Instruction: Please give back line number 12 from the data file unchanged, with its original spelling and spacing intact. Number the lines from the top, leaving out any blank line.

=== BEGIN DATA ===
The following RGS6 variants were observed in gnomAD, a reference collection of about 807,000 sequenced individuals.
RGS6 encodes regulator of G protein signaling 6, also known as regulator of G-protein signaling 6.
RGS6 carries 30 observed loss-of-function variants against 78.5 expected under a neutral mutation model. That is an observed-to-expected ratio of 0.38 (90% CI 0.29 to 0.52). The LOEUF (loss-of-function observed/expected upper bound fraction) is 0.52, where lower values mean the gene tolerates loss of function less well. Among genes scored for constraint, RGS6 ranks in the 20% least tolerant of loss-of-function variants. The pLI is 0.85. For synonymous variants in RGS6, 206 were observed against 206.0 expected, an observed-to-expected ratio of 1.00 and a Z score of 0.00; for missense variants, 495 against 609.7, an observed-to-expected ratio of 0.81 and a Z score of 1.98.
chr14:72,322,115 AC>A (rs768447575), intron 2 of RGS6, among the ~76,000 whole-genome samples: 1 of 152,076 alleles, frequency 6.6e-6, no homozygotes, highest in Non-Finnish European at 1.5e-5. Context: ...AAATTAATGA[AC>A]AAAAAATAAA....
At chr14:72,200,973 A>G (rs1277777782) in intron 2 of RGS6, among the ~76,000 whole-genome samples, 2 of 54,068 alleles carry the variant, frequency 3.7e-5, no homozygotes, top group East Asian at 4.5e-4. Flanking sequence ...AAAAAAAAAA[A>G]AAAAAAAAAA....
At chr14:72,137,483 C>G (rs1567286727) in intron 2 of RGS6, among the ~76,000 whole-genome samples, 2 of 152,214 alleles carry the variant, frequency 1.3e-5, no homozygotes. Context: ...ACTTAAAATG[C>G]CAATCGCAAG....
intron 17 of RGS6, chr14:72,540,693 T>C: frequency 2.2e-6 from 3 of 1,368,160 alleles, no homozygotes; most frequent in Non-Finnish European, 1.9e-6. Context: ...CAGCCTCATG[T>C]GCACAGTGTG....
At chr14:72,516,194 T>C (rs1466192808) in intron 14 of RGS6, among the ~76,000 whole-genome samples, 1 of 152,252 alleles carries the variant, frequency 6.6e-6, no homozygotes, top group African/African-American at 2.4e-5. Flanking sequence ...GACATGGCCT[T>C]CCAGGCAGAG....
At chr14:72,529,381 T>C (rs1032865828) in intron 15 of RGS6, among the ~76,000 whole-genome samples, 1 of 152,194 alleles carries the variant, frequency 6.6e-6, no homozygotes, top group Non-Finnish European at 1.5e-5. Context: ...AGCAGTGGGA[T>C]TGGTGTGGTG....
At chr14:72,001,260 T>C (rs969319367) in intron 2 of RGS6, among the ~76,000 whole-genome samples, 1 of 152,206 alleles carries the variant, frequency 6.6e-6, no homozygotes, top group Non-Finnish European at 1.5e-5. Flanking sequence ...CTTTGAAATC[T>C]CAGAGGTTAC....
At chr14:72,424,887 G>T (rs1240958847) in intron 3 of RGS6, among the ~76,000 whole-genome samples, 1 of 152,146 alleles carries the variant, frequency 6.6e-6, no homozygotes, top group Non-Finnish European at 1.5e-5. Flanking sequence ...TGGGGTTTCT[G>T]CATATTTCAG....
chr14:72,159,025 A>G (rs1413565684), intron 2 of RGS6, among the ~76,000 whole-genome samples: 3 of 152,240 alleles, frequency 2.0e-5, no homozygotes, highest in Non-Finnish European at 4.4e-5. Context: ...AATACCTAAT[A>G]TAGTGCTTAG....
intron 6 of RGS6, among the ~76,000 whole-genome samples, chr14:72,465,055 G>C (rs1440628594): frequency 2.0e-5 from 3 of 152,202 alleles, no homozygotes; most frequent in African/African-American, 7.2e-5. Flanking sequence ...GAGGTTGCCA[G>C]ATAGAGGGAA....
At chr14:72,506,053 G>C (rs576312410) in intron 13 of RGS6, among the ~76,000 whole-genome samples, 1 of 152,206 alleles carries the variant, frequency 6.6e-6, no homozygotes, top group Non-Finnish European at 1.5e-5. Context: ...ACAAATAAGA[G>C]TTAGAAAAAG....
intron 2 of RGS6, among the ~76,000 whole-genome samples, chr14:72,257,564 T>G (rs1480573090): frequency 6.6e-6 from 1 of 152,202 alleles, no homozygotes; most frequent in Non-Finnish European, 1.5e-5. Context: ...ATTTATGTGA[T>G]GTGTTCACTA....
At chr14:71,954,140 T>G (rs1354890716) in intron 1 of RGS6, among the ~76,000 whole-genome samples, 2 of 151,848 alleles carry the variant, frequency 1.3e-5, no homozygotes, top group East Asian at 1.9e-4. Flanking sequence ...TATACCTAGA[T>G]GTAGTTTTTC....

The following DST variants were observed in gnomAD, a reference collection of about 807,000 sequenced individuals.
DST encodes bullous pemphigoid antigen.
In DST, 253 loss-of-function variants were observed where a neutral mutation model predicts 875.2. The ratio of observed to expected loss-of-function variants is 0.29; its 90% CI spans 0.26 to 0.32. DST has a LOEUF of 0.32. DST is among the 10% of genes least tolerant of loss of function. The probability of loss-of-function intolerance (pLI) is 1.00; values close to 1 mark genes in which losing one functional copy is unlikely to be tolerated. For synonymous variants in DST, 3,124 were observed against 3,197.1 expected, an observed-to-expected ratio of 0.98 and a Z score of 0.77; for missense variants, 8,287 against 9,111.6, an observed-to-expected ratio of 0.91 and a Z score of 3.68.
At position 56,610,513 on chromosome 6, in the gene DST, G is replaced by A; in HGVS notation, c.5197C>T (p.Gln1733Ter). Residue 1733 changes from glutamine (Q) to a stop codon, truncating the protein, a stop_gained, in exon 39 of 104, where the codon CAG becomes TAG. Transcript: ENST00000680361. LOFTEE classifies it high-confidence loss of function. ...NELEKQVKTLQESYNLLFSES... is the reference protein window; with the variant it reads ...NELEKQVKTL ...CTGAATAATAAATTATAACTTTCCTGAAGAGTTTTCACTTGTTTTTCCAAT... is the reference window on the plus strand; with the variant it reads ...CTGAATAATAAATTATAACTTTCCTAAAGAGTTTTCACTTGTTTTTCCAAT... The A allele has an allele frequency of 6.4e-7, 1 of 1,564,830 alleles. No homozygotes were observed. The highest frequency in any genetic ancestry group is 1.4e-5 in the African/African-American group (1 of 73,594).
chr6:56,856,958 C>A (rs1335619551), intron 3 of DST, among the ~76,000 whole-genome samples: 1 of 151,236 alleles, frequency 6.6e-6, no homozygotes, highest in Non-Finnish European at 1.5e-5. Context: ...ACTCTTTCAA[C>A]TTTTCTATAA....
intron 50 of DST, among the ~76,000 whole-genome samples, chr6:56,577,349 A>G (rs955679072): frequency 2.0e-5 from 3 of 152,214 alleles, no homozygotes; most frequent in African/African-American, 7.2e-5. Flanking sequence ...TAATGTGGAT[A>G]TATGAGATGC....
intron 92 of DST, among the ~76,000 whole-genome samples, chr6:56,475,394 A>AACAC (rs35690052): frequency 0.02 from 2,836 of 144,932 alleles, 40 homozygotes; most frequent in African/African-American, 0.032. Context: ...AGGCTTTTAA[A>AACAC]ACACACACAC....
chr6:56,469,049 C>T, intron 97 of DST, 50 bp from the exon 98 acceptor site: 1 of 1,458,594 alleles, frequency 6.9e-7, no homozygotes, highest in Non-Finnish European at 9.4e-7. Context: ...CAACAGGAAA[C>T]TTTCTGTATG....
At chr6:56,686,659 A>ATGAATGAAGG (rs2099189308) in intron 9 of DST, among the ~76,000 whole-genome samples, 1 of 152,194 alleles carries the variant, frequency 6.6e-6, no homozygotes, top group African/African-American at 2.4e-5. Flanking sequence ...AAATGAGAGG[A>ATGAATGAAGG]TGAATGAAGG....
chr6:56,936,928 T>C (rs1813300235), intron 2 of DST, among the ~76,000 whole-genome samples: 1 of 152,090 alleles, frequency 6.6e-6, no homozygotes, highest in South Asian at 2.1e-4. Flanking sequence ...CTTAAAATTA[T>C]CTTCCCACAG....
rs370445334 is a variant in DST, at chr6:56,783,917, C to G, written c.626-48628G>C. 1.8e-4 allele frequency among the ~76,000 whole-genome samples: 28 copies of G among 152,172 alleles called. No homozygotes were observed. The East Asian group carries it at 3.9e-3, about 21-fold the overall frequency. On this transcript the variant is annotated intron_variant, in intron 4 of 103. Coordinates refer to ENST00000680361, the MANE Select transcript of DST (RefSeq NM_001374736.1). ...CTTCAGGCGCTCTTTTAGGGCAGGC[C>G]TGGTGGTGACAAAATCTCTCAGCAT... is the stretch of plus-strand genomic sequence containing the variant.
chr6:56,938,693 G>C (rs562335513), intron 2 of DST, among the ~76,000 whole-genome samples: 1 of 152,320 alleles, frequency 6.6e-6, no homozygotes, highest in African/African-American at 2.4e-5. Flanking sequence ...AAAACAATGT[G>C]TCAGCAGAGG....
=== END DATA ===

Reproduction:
chr14:72,159,025 A>G (rs1413565684), intron 2 of RGS6, among the ~76,000 whole-genome samples: 3 of 152,240 alleles, frequency 2.0e-5, no homozygotes, highest in Non-Finnish European at 4.4e-5. Context: ...AATACCTAAT[A>G]TAGTGCTTAG....